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‘Local production of facemasks, others to bolster import substitution’

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In line with its import substitution strategy and need to provide affordable hygiene products for Nigerians, especially those in the healthcare sector, Wemy Industries has concluded plans to commence the production of facemask and hand sanitizing wipes locally.

According to the Managing Director and CEO of Wemy Industries, Paul Odunaiya, the backward integration plan was implemented in partnership with Mastercard Foundation COVID-19 Recovery and Resilience Program and Wema Bank.

Through these partnerships, Odunaiya said the firm would provide key support to health personnel, first responders, frontline workers, isolation centers, hospitals, and other relevant organization in the country through the provision of Personal Protective Equipment from the firm.

In a chat with The Guardian, Odunaiya said Mastercard Foundation supported the project and accelerated the process of starting the production line, noting that the firm would be producing one million pieces of high-quality facemasks daily when it commences operations in October.

He explained that the new production lines would double the size of the business by the financial year-end, just as internal funding and grant from the Mastercard Foundation would also aid the growth of the business.

He added that the firm will be getting involved in a lot of corporate social responsibility activities and also crash the prices of the commodities, stating that the frim hopes to keep the price of the face masks as low at N50 per one.

“We will be producing about 1million pieces of facemask daily. The need to import facemask will reduce significantly. We will also export to neighbouring countries. The trend of using facemask is going to be a culture.

“We are using this opportunity to enhance the backward integration of facemasks production. Every nation is guarding against the export of critical health materials. We need to build self-sufficiency in that area. Our emphasis is on medical and surgical facemasks”, he added.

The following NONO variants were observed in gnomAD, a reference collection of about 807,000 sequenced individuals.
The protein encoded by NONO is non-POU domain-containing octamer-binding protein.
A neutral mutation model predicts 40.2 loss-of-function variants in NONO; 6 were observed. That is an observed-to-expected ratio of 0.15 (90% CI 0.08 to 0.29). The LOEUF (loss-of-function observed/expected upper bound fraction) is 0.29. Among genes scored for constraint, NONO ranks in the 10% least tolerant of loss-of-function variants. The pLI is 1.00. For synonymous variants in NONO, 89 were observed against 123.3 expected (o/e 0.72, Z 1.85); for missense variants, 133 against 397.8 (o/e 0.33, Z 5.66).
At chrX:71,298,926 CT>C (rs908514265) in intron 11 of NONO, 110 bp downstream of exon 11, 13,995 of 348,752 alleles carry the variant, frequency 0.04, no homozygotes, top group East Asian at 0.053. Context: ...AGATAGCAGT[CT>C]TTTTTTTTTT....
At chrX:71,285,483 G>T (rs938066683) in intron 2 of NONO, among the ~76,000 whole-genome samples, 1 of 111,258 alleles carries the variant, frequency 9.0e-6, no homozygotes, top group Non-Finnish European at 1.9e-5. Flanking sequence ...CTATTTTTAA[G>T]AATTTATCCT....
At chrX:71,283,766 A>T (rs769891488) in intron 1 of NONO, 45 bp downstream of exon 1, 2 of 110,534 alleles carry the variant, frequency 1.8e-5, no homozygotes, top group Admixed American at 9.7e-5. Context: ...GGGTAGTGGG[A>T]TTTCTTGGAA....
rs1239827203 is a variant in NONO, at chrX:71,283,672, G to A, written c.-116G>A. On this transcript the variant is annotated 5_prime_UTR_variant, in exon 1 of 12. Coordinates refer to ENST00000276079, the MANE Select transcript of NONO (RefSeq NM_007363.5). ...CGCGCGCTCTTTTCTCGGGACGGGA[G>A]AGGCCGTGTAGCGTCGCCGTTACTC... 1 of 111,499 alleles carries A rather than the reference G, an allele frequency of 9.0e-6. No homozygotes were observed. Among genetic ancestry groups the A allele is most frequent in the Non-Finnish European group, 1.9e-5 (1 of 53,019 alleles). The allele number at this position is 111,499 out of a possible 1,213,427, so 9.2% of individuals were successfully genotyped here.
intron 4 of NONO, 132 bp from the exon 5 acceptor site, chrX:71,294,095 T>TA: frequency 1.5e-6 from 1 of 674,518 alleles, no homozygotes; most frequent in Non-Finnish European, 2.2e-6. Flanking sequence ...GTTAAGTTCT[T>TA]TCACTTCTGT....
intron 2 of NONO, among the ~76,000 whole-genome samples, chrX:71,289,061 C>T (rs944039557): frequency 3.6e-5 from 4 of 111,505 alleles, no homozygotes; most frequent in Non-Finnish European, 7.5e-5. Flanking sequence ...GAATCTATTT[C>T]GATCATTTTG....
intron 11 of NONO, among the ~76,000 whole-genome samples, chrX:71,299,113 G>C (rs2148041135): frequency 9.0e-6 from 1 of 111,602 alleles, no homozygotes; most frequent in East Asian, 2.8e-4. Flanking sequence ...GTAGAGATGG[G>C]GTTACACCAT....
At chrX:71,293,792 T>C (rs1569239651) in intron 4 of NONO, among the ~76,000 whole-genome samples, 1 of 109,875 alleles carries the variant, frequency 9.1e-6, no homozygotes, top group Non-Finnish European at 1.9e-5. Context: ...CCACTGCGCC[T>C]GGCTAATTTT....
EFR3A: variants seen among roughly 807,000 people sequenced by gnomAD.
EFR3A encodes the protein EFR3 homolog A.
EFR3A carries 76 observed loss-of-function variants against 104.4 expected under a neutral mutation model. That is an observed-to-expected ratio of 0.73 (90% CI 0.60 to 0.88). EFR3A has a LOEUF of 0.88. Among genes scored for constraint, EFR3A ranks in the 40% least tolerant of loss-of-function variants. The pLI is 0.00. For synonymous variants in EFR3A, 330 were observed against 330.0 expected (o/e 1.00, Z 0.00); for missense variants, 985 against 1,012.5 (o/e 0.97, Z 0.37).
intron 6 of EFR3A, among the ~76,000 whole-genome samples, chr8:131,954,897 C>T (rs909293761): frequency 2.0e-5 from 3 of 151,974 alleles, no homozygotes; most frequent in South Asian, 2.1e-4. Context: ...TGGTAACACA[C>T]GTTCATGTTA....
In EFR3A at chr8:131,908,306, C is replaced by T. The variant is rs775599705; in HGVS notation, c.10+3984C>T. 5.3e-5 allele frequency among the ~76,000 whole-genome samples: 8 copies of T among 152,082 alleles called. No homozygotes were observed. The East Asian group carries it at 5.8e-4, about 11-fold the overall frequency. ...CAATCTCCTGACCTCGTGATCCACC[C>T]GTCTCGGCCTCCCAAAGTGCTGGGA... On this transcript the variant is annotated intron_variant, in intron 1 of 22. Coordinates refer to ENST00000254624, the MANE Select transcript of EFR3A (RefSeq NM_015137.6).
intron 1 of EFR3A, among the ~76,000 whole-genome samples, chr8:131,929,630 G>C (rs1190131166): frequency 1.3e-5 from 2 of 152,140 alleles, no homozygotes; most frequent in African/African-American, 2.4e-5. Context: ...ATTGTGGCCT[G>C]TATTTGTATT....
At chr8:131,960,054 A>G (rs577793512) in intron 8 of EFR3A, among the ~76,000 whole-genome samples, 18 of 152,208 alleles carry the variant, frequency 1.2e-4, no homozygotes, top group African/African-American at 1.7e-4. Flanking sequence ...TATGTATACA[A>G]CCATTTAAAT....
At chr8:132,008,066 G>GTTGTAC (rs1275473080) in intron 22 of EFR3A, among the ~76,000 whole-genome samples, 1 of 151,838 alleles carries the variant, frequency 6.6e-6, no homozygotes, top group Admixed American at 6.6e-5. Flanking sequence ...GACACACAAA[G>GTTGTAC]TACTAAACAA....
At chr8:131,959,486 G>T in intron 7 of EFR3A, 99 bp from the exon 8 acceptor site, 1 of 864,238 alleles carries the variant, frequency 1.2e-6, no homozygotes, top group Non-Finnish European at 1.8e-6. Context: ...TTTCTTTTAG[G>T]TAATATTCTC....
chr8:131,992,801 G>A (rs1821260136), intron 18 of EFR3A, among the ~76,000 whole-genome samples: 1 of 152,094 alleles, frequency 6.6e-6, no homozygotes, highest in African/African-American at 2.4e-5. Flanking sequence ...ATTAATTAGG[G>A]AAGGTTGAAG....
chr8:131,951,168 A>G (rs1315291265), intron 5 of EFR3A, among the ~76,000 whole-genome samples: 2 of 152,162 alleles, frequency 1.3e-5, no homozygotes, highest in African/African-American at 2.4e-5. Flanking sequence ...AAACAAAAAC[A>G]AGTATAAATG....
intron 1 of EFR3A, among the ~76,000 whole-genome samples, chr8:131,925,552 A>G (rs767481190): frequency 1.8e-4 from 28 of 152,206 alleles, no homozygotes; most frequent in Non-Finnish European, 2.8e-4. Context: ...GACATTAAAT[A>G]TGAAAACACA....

On competition from fabric facemasks and importers, Odunaiya said: “Competition is not an issue for us as efficiency and cost are our competitive advantage. We have got the state-of-the-art machine for production. We are playing on quality and because we are in the hygiene business, we can make a better decision. We have a sustainable process for the production of facemasks. What the medical industry seeks is the proper mask and the country’s demand cannot be met.

“We imported the machines that can meet local and export capacity. Our experience in this line of business would give us an advantage in the market. Our market research aided our decision and we are hopeful of a sustainable business.

“We had wanted to do the facemask business three years ago but the importation of facemask was too cheap and sustaining local production would have been difficult. We had a document already to let the government stop the importation of the products. The pandemic aided the acceleration of the plan to set up a production plant for the product”.

The Mastercard Foundation COVID-19 Recovery and Resilience Program also restated its commitment to assist institutions and communities in Africa to withstand and respond to the short-term impacts of this pandemic, while strengthening their resilience in the long-run.

“Doing so, will enable them to stay united and to be at the forefront of reigniting their economies”, the Foundation added.


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